It is not surprising that Banded Wedge Shells are easy pickings for hungry sea birds. In an earlier post, I described how they sometimes lie on the surface of the sand or sit partially buried/exposed on the lowest part of the shore waiting for the tide to come in.
As you walk along the beach at Rhossili on the Gower Peninsula, you can see the evidence for this kind of bird feeding activity. It seems that the gulls regurgitate or cough up the indigestible shells after they have gorged themselves on the bivalved molluscs. These ‘remains of the feast’ occur as small gobbets of matter scattered over the sandy seashore. Sometimes, the debris includes lucky escapees that have apparently survived the experience intact but mostly the shells are broken and the meat removed. In the photograph above the gobbet is clearly associated with the footprints of the bird.
Photographs 1 to 3 are examples of these gull gobbets with mostly Banded Wedge Shells. All three pictures were taken on 9th August 2006.
In photographs 4, 5 and 6 the gobbets are mostly made up of tiny pieces of the chitinous exoskeletons of small Crustaceans: probably including many Sandhoppers – Talitrus saltator (Montagu) – of which there must be millions on that beach. These shots were taken on 15th and 19th August 2011.
Images 7 and 8 were also taken this summer (19th August 2011) and show that the gulls had just been feeding on the young edible mussels growing on rocks, possibly nearby at Burry Holms and Spaniard Rocks. The regurgitated remains are solely mussels, many of which are intact and undigested. These gobbets contrast with some that I found on 6th August 2009 in which the mussel shells were mixed in with small pieces of coloured plastic (Photograph 9 – below). At that time, there were extensive deposits of plastic flotsam debris on the strandline near Spaniard Rocks. When I visited in August this year (2011), the rubbish deposits appeared to have been tempoarily covered by a substantial depth of sand that had been washed up the shore.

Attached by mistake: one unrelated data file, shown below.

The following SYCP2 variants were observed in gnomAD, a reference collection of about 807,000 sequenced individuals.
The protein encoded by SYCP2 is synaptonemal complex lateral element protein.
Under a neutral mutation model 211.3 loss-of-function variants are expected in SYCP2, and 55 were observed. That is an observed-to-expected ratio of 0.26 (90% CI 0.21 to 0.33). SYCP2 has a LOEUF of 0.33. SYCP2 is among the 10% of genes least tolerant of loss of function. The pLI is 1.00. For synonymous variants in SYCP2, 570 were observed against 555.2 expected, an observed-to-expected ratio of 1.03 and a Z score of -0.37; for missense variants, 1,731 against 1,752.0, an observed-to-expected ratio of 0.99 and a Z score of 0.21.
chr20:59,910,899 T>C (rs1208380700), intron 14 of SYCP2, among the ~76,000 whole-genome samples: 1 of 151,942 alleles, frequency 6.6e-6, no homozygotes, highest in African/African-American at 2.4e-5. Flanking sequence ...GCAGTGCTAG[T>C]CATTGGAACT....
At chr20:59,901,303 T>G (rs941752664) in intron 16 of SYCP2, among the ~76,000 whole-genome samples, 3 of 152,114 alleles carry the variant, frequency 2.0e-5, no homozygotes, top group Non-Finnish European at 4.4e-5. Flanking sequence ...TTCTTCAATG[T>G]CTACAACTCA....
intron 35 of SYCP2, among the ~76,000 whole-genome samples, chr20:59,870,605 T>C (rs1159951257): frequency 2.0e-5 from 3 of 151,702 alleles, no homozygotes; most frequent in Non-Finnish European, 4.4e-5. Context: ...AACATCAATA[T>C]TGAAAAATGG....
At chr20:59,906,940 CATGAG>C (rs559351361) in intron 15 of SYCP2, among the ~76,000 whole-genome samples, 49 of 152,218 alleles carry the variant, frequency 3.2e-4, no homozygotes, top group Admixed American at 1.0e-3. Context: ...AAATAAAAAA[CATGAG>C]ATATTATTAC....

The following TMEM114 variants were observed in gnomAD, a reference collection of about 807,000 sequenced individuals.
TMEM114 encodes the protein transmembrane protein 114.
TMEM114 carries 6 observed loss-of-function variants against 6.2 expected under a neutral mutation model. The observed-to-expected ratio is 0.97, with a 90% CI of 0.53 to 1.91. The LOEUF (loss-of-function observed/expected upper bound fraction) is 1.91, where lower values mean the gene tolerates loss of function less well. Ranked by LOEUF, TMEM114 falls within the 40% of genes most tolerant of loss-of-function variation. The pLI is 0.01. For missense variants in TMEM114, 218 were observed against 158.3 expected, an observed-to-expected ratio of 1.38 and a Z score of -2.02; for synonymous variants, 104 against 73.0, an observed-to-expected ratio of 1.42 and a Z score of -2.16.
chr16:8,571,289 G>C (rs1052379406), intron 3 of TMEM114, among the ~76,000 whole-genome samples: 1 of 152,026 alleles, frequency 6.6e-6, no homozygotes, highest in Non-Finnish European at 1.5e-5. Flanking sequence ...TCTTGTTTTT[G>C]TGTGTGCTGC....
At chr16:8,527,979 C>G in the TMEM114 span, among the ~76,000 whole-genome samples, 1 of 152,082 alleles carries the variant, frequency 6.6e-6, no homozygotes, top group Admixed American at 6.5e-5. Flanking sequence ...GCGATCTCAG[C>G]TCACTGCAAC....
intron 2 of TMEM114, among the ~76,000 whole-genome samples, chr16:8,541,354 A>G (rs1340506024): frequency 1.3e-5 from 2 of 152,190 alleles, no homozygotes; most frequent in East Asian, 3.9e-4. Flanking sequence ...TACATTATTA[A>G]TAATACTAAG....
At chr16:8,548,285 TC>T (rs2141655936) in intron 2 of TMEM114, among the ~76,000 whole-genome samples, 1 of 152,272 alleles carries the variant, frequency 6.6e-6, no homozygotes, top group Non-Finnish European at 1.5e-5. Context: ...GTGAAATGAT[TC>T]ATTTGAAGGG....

What is intriguing about the gobbet shown below in Photograph 9 is its very different composition and constituents. Altogether much more solid and sub-spherical in shape with fragments of common mussel shells and seaweed predominating. Pieces of coloured plastic and translucent pellets are also present.
This gobbet of seabird’s feeding debris was found at the northern end of Rhossili beach towards Bury Holms and Spaniard Rocks. The rocks here are densely covered with mussels. A lot of plastic flotsam tends to naturally accumulate at this end of the beach. One of the rock pools was filled with small pieces of multi-coloured plastic.
The Shorter Oxford English Dictionary’s definitions of gobbet include: a lump or mass; a large lump of mouthful of food; a lump of half-digested food.
Revision of a post first published 30 August 2009
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